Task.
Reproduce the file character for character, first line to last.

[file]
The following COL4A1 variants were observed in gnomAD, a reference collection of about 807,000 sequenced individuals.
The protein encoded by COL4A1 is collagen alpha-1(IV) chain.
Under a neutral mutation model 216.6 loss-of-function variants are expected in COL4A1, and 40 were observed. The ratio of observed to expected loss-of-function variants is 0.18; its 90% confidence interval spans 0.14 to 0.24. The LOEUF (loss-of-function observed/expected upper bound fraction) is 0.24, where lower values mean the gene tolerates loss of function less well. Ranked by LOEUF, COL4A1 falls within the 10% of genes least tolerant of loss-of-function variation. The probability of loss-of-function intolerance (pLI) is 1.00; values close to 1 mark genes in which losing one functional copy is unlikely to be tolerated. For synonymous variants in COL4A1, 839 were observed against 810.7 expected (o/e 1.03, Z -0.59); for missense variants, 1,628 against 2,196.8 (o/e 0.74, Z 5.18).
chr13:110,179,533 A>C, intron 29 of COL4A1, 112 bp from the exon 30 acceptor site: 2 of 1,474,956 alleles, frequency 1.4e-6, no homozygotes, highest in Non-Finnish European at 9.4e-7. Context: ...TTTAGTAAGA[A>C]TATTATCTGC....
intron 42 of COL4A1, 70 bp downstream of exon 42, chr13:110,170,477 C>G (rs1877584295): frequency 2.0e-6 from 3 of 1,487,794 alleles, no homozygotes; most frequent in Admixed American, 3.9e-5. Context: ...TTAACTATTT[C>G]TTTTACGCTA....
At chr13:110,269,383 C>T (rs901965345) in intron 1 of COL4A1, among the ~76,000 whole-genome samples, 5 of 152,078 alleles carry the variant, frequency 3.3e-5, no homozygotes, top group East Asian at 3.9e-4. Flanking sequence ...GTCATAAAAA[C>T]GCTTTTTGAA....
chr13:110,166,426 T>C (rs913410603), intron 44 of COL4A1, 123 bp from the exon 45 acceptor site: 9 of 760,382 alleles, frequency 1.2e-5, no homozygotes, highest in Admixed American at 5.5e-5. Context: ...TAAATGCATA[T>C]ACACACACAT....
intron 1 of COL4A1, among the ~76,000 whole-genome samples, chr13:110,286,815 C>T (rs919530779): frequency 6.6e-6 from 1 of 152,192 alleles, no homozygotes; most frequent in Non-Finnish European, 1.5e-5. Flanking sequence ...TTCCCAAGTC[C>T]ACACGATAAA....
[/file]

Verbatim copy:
The following COL4A1 variants were observed in gnomAD, a reference collection of about 807,000 sequenced individuals.
The protein encoded by COL4A1 is collagen alpha-1(IV) chain.
Under a neutral mutation model 216.6 loss-of-function variants are expected in COL4A1, and 40 were observed. The ratio of observed to expected loss-of-function variants is 0.18; its 90% confidence interval spans 0.14 to 0.24. The LOEUF (loss-of-function observed/expected upper bound fraction) is 0.24, where lower values mean the gene tolerates loss of function less well. Ranked by LOEUF, COL4A1 falls within the 10% of genes least tolerant of loss-of-function variation. The probability of loss-of-function intolerance (pLI) is 1.00; values close to 1 mark genes in which losing one functional copy is unlikely to be tolerated. For synonymous variants in COL4A1, 839 were observed against 810.7 expected (o/e 1.03, Z -0.59); for missense variants, 1,628 against 2,196.8 (o/e 0.74, Z 5.18).
chr13:110,179,533 A>C, intron 29 of COL4A1, 112 bp from the exon 30 acceptor site: 2 of 1,474,956 alleles, frequency 1.4e-6, no homozygotes, highest in Non-Finnish European at 9.4e-7. Context: ...TTTAGTAAGA[A>C]TATTATCTGC....
intron 42 of COL4A1, 70 bp downstream of exon 42, chr13:110,170,477 C>G (rs1877584295): frequency 2.0e-6 from 3 of 1,487,794 alleles, no homozygotes; most frequent in Admixed American, 3.9e-5. Context: ...TTAACTATTT[C>G]TTTTACGCTA....
At chr13:110,269,383 C>T (rs901965345) in intron 1 of COL4A1, among the ~76,000 whole-genome samples, 5 of 152,078 alleles carry the variant, frequency 3.3e-5, no homozygotes, top group East Asian at 3.9e-4. Flanking sequence ...GTCATAAAAA[C>T]GCTTTTTGAA....
chr13:110,166,426 T>C (rs913410603), intron 44 of COL4A1, 123 bp from the exon 45 acceptor site: 9 of 760,382 alleles, frequency 1.2e-5, no homozygotes, highest in Admixed American at 5.5e-5. Context: ...TAAATGCATA[T>C]ACACACACAT....
intron 1 of COL4A1, among the ~76,000 whole-genome samples, chr13:110,286,815 C>T (rs919530779): frequency 6.6e-6 from 1 of 152,192 alleles, no homozygotes; most frequent in Non-Finnish European, 1.5e-5. Flanking sequence ...TTCCCAAGTC[C>T]ACACGATAAA....